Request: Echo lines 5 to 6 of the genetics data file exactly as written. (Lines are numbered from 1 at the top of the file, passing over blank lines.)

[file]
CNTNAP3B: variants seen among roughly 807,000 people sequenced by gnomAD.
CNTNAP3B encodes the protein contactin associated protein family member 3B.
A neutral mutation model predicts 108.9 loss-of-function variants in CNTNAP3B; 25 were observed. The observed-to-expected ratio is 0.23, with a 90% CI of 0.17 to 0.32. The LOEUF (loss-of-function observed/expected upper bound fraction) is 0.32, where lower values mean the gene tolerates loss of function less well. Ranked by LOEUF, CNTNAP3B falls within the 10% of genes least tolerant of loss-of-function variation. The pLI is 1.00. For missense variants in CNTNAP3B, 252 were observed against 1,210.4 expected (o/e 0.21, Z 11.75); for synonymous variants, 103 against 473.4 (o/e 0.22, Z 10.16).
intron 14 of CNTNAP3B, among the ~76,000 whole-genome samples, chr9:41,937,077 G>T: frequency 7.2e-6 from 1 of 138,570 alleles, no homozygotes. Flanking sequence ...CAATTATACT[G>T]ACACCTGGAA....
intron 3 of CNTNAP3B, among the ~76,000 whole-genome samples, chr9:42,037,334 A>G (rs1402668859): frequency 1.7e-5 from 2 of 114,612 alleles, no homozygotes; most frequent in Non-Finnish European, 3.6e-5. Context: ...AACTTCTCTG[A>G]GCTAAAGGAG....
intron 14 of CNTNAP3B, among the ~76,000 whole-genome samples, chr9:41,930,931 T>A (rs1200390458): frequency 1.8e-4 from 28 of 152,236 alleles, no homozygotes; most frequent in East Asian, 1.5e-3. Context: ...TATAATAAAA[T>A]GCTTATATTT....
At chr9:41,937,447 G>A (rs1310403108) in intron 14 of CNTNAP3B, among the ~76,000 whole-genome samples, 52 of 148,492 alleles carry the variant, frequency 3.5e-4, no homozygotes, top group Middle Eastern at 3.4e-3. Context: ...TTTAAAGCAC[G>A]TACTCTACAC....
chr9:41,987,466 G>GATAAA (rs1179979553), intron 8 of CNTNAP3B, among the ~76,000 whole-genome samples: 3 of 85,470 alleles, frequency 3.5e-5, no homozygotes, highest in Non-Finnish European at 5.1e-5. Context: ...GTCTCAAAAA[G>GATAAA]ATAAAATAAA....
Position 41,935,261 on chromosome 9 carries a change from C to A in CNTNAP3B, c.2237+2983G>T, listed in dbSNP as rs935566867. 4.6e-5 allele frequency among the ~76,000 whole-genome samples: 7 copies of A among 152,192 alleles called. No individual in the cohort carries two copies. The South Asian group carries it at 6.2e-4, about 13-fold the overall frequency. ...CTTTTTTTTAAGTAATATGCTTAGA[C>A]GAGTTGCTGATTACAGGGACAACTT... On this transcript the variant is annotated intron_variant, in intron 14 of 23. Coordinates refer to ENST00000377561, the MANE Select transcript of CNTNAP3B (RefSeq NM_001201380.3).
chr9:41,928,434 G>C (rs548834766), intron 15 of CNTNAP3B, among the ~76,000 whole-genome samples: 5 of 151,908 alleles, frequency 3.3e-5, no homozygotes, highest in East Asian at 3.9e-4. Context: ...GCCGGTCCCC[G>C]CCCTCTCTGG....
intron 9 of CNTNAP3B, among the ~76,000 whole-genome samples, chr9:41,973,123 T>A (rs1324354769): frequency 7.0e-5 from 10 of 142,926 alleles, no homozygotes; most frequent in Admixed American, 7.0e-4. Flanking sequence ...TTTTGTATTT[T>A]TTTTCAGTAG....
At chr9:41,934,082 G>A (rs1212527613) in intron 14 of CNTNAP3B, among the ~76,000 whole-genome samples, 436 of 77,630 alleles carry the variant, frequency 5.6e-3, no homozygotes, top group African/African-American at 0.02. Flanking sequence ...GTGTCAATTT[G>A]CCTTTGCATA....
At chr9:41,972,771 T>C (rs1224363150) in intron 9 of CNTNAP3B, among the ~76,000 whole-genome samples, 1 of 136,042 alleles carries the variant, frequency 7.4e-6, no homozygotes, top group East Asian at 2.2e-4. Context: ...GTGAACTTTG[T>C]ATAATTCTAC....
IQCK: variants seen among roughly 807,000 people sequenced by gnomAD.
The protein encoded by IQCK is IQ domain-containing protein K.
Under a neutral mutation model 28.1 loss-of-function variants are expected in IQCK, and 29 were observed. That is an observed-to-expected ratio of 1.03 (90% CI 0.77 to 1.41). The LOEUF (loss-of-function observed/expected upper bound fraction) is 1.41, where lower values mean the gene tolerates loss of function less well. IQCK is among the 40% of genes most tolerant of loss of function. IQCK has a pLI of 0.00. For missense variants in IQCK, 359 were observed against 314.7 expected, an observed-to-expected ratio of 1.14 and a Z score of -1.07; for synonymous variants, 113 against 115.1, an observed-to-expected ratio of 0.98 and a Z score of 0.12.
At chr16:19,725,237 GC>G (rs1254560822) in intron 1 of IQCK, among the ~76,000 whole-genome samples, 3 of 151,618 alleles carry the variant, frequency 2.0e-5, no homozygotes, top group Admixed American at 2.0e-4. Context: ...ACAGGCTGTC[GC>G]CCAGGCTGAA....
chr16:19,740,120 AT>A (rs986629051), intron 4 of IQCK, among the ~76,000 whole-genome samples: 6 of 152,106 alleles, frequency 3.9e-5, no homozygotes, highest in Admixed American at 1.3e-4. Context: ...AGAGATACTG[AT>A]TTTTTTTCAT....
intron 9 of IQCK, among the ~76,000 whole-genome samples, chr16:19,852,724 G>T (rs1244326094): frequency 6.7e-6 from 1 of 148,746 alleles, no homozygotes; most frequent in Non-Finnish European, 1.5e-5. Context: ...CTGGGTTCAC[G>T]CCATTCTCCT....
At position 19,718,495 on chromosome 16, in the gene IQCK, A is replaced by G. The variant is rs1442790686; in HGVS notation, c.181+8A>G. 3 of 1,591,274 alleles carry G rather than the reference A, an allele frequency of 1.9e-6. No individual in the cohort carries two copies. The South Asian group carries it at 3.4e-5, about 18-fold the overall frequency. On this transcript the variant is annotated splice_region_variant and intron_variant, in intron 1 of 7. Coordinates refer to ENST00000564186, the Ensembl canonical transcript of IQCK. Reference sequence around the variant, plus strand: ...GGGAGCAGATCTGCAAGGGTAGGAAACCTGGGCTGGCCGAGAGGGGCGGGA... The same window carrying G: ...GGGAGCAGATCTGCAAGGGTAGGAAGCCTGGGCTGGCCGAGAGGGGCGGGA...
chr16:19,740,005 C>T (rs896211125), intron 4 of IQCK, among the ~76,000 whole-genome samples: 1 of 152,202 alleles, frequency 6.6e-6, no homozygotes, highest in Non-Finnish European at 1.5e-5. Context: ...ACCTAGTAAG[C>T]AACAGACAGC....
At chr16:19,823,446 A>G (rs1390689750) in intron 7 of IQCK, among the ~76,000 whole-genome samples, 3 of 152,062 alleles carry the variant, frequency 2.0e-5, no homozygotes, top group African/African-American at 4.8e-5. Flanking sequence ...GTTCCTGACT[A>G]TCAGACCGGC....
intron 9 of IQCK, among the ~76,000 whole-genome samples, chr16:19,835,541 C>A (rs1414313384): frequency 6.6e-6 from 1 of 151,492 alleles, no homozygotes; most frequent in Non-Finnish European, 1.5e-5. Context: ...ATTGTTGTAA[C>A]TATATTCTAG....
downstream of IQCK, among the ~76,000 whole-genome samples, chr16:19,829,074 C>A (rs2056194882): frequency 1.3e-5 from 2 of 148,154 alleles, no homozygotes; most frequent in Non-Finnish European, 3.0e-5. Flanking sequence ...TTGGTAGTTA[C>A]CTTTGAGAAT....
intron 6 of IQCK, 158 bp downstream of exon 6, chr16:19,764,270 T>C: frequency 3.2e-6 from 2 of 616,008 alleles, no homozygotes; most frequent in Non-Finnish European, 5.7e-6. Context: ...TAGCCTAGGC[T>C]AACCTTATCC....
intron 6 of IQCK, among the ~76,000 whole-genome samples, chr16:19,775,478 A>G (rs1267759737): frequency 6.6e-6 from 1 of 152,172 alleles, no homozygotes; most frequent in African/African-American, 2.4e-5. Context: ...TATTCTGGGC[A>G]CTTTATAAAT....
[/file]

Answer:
intron 3 of CNTNAP3B, among the ~76,000 whole-genome samples, chr9:42,037,334 A>G (rs1402668859): frequency 1.7e-5 from 2 of 114,612 alleles, no homozygotes; most frequent in Non-Finnish European, 3.6e-5. Context: ...AACTTCTCTG[A>G]GCTAAAGGAG....
intron 14 of CNTNAP3B, among the ~76,000 whole-genome samples, chr9:41,930,931 T>A (rs1200390458): frequency 1.8e-4 from 28 of 152,236 alleles, no homozygotes; most frequent in East Asian, 1.5e-3. Context: ...TATAATAAAA[T>A]GCTTATATTT....